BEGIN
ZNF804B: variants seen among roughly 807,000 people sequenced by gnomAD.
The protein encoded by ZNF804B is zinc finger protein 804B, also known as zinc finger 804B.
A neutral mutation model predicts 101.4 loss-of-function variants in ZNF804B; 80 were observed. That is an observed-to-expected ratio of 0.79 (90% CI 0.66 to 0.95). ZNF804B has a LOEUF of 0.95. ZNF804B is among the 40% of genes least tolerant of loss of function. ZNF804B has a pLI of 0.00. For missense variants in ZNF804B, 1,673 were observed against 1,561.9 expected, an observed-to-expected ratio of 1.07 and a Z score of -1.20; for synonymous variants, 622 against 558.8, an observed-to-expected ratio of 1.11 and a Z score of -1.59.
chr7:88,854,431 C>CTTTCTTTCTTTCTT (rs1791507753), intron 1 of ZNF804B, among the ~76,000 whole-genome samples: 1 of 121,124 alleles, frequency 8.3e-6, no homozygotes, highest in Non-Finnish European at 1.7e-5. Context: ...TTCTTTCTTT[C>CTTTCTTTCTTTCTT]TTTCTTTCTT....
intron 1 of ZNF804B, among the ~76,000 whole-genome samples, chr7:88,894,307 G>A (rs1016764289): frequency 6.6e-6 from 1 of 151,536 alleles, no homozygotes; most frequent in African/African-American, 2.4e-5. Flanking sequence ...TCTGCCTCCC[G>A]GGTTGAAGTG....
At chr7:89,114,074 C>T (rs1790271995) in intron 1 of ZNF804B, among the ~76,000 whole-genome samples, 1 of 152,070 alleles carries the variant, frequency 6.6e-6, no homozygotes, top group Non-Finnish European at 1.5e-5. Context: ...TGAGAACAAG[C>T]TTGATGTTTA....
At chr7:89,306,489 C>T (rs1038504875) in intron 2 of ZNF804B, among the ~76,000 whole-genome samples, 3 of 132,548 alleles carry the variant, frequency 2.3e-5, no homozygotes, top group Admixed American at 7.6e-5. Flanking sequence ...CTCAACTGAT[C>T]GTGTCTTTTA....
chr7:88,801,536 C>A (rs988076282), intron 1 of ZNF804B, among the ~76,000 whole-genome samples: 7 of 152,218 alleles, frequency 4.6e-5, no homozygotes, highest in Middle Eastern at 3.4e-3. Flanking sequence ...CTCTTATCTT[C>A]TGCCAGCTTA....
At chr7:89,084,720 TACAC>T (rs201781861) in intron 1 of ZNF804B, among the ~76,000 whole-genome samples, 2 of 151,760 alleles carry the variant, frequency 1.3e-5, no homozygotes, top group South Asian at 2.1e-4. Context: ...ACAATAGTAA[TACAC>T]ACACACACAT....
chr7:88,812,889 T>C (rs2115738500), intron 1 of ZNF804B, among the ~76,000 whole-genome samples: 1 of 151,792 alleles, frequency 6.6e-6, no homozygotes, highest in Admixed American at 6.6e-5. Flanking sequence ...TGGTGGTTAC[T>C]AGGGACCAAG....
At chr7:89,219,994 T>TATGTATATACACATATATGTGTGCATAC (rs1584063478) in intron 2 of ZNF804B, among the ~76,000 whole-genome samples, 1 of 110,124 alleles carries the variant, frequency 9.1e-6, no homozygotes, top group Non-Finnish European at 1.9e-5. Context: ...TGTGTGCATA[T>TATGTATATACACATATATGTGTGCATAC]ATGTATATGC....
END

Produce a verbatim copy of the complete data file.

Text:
ZNF804B: variants seen among roughly 807,000 people sequenced by gnomAD.
The protein encoded by ZNF804B is zinc finger protein 804B, also known as zinc finger 804B.
A neutral mutation model predicts 101.4 loss-of-function variants in ZNF804B; 80 were observed. That is an observed-to-expected ratio of 0.79 (90% CI 0.66 to 0.95). ZNF804B has a LOEUF of 0.95. ZNF804B is among the 40% of genes least tolerant of loss of function. ZNF804B has a pLI of 0.00. For missense variants in ZNF804B, 1,673 were observed against 1,561.9 expected, an observed-to-expected ratio of 1.07 and a Z score of -1.20; for synonymous variants, 622 against 558.8, an observed-to-expected ratio of 1.11 and a Z score of -1.59.
chr7:88,854,431 C>CTTTCTTTCTTTCTT (rs1791507753), intron 1 of ZNF804B, among the ~76,000 whole-genome samples: 1 of 121,124 alleles, frequency 8.3e-6, no homozygotes, highest in Non-Finnish European at 1.7e-5. Context: ...TTCTTTCTTT[C>CTTTCTTTCTTTCTT]TTTCTTTCTT....
intron 1 of ZNF804B, among the ~76,000 whole-genome samples, chr7:88,894,307 G>A (rs1016764289): frequency 6.6e-6 from 1 of 151,536 alleles, no homozygotes; most frequent in African/African-American, 2.4e-5. Flanking sequence ...TCTGCCTCCC[G>A]GGTTGAAGTG....
At chr7:89,114,074 C>T (rs1790271995) in intron 1 of ZNF804B, among the ~76,000 whole-genome samples, 1 of 152,070 alleles carries the variant, frequency 6.6e-6, no homozygotes, top group Non-Finnish European at 1.5e-5. Context: ...TGAGAACAAG[C>T]TTGATGTTTA....
At chr7:89,306,489 C>T (rs1038504875) in intron 2 of ZNF804B, among the ~76,000 whole-genome samples, 3 of 132,548 alleles carry the variant, frequency 2.3e-5, no homozygotes, top group Admixed American at 7.6e-5. Flanking sequence ...CTCAACTGAT[C>T]GTGTCTTTTA....
chr7:88,801,536 C>A (rs988076282), intron 1 of ZNF804B, among the ~76,000 whole-genome samples: 7 of 152,218 alleles, frequency 4.6e-5, no homozygotes, highest in Middle Eastern at 3.4e-3. Flanking sequence ...CTCTTATCTT[C>A]TGCCAGCTTA....
At chr7:89,084,720 TACAC>T (rs201781861) in intron 1 of ZNF804B, among the ~76,000 whole-genome samples, 2 of 151,760 alleles carry the variant, frequency 1.3e-5, no homozygotes, top group South Asian at 2.1e-4. Context: ...ACAATAGTAA[TACAC>T]ACACACACAT....
chr7:88,812,889 T>C (rs2115738500), intron 1 of ZNF804B, among the ~76,000 whole-genome samples: 1 of 151,792 alleles, frequency 6.6e-6, no homozygotes, highest in Admixed American at 6.6e-5. Flanking sequence ...TGGTGGTTAC[T>C]AGGGACCAAG....
At chr7:89,219,994 T>TATGTATATACACATATATGTGTGCATAC (rs1584063478) in intron 2 of ZNF804B, among the ~76,000 whole-genome samples, 1 of 110,124 alleles carries the variant, frequency 9.1e-6, no homozygotes, top group Non-Finnish European at 1.9e-5. Context: ...TGTGTGCATA[T>TATGTATATACACATATATGTGTGCATAC]ATGTATATGC....